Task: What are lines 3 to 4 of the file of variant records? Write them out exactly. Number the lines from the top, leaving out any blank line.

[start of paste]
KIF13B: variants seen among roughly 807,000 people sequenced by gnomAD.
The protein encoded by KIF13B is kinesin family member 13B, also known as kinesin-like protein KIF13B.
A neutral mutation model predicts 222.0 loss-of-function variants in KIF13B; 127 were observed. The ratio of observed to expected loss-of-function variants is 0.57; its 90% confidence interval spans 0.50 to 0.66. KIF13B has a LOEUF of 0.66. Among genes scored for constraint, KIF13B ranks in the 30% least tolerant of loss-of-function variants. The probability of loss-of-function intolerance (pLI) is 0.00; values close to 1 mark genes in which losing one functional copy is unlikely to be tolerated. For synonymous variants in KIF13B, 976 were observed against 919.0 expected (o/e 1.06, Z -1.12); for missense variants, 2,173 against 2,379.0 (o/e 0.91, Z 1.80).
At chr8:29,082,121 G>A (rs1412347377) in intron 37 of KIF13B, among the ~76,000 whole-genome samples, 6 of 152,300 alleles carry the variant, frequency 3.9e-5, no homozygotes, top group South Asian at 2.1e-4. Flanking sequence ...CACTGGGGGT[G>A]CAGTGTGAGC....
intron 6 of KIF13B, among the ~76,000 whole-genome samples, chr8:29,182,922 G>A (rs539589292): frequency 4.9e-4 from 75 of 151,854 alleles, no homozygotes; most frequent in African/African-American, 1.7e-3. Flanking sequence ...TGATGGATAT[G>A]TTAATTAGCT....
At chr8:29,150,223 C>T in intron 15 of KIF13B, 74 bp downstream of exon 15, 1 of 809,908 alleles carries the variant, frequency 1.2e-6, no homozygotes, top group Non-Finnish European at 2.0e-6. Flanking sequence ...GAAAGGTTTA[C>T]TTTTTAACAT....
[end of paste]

A neutral mutation model predicts 222.0 loss-of-function variants in KIF13B; 127 were observed. The ratio of observed to expected loss-of-function variants is 0.57; its 90% confidence interval spans 0.50 to 0.66. KIF13B has a LOEUF of 0.66. Among genes scored for constraint, KIF13B ranks in the 30% least tolerant of loss-of-function variants. The probability of loss-of-function intolerance (pLI) is 0.00; values close to 1 mark genes in which losing one functional copy is unlikely to be tolerated. For synonymous variants in KIF13B, 976 were observed against 919.0 expected (o/e 1.06, Z -1.12); for missense variants, 2,173 against 2,379.0 (o/e 0.91, Z 1.80).
At chr8:29,082,121 G>A (rs1412347377) in intron 37 of KIF13B, among the ~76,000 whole-genome samples, 6 of 152,300 alleles carry the variant, frequency 3.9e-5, no homozygotes, top group South Asian at 2.1e-4. Flanking sequence ...CACTGGGGGT[G>A]CAGTGTGAGC....